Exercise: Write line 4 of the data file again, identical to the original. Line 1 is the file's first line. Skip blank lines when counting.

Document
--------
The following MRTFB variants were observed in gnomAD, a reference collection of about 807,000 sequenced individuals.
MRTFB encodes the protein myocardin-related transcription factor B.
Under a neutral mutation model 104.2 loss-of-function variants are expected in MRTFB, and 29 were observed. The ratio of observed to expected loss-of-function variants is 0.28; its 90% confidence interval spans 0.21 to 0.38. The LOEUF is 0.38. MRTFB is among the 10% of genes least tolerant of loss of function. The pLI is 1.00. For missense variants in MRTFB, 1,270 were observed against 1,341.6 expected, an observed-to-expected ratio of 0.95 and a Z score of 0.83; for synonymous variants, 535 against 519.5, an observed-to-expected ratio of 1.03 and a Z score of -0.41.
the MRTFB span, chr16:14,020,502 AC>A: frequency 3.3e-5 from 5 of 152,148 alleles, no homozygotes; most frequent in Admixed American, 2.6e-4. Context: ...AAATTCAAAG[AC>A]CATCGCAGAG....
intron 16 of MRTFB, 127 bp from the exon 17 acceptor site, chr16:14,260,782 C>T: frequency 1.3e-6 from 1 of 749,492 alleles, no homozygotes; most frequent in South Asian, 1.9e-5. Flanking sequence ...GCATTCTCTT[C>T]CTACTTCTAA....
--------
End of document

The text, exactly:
the MRTFB span, chr16:14,020,502 AC>A: frequency 3.3e-5 from 5 of 152,148 alleles, no homozygotes; most frequent in Admixed American, 2.6e-4. Context: ...AAATTCAAAG[AC>A]CATCGCAGAG....